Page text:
Shaheen’s cir­cum­stances had also changed while Re­pub­lic­ans waited for Brown. Sources close to ex-sen­at­or point to Obama­care’s dis­astrous rol­lout, and the polit­ic­al price it has ex­ac­ted on Demo­crats, as ad­ded in­cent­ive to run. Shaheen re­mains for­mid­able, but Demo­crats else­where have taken a hit in ap­prov­al over the health care law.

“Cer­tainly, as I was look­ing at the race, it was very much up­hill,” said Brad­ley. “That tra­ject­ory might have flattened out a little bit. Even though it would be up­hill for him, he would put the race in play.”

Be­fore reach­ing a gen­er­al elec­tion, however, Brown would have to win a primary. Most Re­pub­lic­ans don’t think that will be a prob­lem for a party des­per­ate to find a vi­able al­tern­at­ive to Shaheen, but Brown’s re­cord is riddled with apostas­ies that will in­vite skep­ti­cism from some con­ser­vat­ive quar­ters. And it’s one of sev­er­al reas­ons for skep­ti­cism about a Brown cam­paign.

Among oth­er breaks from or­tho­doxy, he has sup­por­ted abor­tion-rights, a ban on as­sault rifles and backed a fisc­al cliff deal that meant an end to the Bush-era tax cuts. Such things meant little when he was the hero of the GOP after win­ning a 2010 spe­cial elec­tion in Mas­sachu­setts, or when he vied against the lib­er­al icon War­ren. But it could mat­ter in a GOP primary, the likes of which Brown nev­er faced in 2009 or 2012.

New Hamp­shire — pro­por­tion­ately at least — has more Re­pub­lic­ans than Mas­sachu­setts, and those Re­pub­lic­ans are more con­ser­vat­ive, said one GOP con­sult­ant fa­mil­i­ar with both state’s polit­ics.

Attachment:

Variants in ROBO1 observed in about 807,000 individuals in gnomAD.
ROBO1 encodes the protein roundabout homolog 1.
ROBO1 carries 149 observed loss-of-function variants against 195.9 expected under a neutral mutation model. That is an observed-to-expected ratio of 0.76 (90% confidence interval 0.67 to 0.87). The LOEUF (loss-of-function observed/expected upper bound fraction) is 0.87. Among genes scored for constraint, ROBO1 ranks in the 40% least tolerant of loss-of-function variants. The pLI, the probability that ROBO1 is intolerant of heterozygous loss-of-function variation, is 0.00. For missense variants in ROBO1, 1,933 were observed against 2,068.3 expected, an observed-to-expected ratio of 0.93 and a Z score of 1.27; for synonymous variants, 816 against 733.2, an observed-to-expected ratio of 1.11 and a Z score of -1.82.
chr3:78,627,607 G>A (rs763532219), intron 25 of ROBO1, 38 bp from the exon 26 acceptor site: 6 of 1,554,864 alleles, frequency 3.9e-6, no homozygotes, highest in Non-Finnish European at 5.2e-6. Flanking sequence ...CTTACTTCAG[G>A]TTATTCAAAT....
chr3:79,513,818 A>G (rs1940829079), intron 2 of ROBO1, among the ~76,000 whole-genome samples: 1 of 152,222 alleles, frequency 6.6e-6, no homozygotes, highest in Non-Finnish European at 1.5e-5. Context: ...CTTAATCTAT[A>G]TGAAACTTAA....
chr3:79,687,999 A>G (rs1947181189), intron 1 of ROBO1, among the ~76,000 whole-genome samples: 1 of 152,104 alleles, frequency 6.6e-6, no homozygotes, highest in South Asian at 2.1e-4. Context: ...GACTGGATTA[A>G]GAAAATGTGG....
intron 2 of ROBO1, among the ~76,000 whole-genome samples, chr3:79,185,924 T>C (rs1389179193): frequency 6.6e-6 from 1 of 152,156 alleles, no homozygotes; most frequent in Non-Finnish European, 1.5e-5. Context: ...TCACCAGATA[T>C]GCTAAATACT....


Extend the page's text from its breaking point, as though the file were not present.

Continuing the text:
“New Hamp­shire is not like Mas­sachu­setts in that it has an or­gan­ized and vo­cal con­ser­vat­ive act­iv­ist base,” said the strategist, who asked for an­onym­ity to speak can­didly. “You can ex­pect that base to give Scott Brown a hard time over some of his less con­ser­vat­ive votes he made when he was a sen­at­or from Mas­sachu­setts.”

In ad­di­tion to Smith, he would face con­ser­vat­ive act­iv­ist Kar­en Test­er­man in a primary. Brown would be favored to de­feat both, but the pro­spect of slug­ging it out for con­ser­vat­ive votes could be enough to per­suade him to stay put in what is by all ac­counts a com­fort­able life out­side of polit­ics. There, he makes a lot of money as a Fox News con­trib­ut­or and mem­ber of a Bo­ston-area law firm. “Does he really want to give up his life in the private sec­tor?” said one per­son fa­mil­i­ar with Brown’s think­ing. “I think he really en­joys what he’s do­ing right now. Does he want to give that up to go to a dys­func­tion­al Con­gress?”

Even those who have talked with Brown con­cede that only he knows what he’s truly think­ing. His calls to GOP lead­ers and act­iv­ists have still been lim­ited, and no Re­pub­lic­an is aware of any staff form­ally work­ing with Brown even as he makes cam­paign-style vis­its around the state. So far, he’s run­ning a one-man ef­fort. “I think he’s ac­tu­ally keep­ing his own coun­sel on this,” said Tom Rath, a top GOP strategist in New Hamp­shire. “I don’t know any­body up here who is a Scott Brown guy.”

Still, ex­pect­a­tions around Brown have shif­ted con­sid­er­ably since even be­fore the Thanks­giv­ing hol­i­days. Now Re­pub­lic­ans are play­ing a wait­ing game for his de­cision — one some ex­pect won’t come un­til late winter or even early spring. That would nor­mally an­noy even the most ar­dent Brown fan, but New Hamp­shire Re­pub­lic­ans don’t have a choice. At this point, there’s no oth­er vi­able can­did­ate in wait­ing.

And at least now, un­like be­fore, they think they have a real­ist­ic shot at nab­bing Brown. “I still feel like Charlie Brown, war­ily eye­ing Lucy hold­ing the foot­ball,” said Cul­len. “We’re giv­ing him one last chance to be ser­i­ous about this.”